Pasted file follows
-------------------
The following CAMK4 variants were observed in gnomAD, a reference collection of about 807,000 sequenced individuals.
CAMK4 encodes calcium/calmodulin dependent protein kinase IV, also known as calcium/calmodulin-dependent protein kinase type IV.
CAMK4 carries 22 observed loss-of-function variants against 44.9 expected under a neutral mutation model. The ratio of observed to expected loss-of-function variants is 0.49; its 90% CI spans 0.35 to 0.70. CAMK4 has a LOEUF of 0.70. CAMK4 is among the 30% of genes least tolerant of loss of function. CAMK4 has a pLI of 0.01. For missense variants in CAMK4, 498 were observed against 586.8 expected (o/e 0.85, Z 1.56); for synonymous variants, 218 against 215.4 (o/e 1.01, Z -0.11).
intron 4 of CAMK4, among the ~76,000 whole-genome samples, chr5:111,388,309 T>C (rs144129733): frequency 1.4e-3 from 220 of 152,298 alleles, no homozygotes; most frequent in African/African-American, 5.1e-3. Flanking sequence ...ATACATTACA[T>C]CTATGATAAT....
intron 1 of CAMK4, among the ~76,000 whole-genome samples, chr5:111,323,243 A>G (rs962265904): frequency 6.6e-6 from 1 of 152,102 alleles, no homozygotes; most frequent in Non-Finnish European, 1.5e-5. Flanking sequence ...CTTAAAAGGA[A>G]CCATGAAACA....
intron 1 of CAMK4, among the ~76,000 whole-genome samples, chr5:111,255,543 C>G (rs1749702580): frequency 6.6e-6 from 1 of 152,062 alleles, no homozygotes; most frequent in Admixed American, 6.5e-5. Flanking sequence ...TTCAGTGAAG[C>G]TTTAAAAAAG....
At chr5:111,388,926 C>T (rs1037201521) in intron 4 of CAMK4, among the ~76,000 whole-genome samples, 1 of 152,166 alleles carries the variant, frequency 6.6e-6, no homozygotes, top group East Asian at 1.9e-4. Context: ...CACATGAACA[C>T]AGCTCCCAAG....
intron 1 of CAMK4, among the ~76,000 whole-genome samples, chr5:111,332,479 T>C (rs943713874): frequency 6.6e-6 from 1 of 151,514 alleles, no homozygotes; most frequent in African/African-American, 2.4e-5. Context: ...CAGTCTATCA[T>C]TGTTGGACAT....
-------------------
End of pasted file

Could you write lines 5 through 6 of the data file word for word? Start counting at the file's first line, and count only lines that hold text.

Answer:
intron 1 of CAMK4, among the ~76,000 whole-genome samples, chr5:111,323,243 A>G (rs962265904): frequency 6.6e-6 from 1 of 152,102 alleles, no homozygotes; most frequent in Non-Finnish European, 1.5e-5. Flanking sequence ...CTTAAAAGGA[A>G]CCATGAAACA....
intron 1 of CAMK4, among the ~76,000 whole-genome samples, chr5:111,255,543 C>G (rs1749702580): frequency 6.6e-6 from 1 of 152,062 alleles, no homozygotes; most frequent in Admixed American, 6.5e-5. Flanking sequence ...TTCAGTGAAG[C>G]TTTAAAAAAG....